EDUCA557-20B (NET)

Research Methods

30 Points

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Division of Education
PVC's Office

Staff

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Convenor(s)

Lecturer(s)

Administrator(s)

: helen.findlay@waikato.ac.nz
: janene.harris@waikato.ac.nz
: christine.stewart@waikato.ac.nz

Placement/WIL Coordinator(s)

Tutor(s)

Student Representative(s)

Lab Technician(s)

Librarian(s)

: alistair.lamb@waikato.ac.nz
: hinerangi.kara@waikato.ac.nz
: melanie.chivers@waikato.ac.nz

You can contact staff by:

  • Calling +64 7 838 4466 select option 1, then enter the extension.
  • Extensions starting with 4, 5, 9 or 3 can also be direct dialled:
    • For extensions starting with 4: dial +64 7 838 extension.
    • For extensions starting with 5: dial +64 7 858 extension.
    • For extensions starting with 9: dial +64 7 837 extension.
    • For extensions starting with 3: dial +64 7 2620 + the last 3 digits of the extension e.g. 3123 = +64 7 262 0123.
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Paper Description

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The paper sessions will give you a background in key areas such as:
1. The purpose of research as creating and validating new knowledge through peer review
2. The broad theoretical paradigms and frameworks through which education and social science research is viewed
3. Education and social science research ethics
4. Ensuring quality (validity, reliability, trustworthiness, etc.) in education and social science research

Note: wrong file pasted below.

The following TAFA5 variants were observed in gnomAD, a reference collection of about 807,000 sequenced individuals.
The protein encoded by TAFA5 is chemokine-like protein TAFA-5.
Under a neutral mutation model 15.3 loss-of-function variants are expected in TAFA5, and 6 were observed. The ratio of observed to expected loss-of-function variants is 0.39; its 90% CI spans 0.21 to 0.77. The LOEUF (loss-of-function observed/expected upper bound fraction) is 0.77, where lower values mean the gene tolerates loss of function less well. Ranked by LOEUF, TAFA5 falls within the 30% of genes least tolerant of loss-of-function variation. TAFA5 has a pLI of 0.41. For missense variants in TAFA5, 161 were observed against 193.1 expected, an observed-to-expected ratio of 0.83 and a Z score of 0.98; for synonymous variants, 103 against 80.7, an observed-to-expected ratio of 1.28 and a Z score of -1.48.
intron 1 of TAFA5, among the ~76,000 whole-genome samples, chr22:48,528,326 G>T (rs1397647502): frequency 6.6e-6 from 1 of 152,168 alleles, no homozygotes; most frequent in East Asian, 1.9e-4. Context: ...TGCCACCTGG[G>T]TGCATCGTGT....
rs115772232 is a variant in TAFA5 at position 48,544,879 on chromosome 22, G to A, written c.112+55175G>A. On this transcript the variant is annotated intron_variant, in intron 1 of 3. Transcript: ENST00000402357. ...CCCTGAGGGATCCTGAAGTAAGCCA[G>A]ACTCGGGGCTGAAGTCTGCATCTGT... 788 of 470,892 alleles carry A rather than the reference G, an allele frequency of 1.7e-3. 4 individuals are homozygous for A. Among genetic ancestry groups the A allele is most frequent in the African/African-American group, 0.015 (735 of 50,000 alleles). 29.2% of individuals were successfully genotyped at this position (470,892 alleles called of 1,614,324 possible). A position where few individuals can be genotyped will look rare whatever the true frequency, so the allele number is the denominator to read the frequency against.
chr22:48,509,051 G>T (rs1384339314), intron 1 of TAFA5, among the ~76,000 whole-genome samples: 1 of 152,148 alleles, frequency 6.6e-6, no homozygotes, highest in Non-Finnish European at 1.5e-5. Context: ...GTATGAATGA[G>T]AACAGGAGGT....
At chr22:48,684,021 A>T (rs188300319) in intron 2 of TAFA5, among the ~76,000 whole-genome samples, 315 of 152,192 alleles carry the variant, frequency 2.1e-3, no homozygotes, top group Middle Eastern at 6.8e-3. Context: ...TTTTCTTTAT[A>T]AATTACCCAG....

5. Methods for generating data (e.g., interviews, observations, questionnaires), forms of data analysis and what counts as evidence
6. Multiple approaches to research (e.g., case studies, narratives, action-research) and associated forms of data analysis.

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Paper Structure

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This paper is fully online. Students are expected to contribute to the online discussion forum at least twice a week, in line with guidelines provided in Moodle. If you are unable to contribute in any one week, please give your apologies to the lecturers online via your individual tutorial dialogue.

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Learning Outcomes

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Students who successfully complete the course should be able to:

  • Understand processes, procedures and ethical requirements for undertaking education and social science research;
    Linked to the following assessments:
  • Become familiar with a base of literature on education and social science research;
    Linked to the following assessments:
  • Describe, explain and critique within the field of education and social science research, that is, to develop ‘research literacy’
    Linked to the following assessments:
  • Locate research findings and explanations of others in peer-reviewed articles, and to use these effectively for personal research;
    Linked to the following assessments: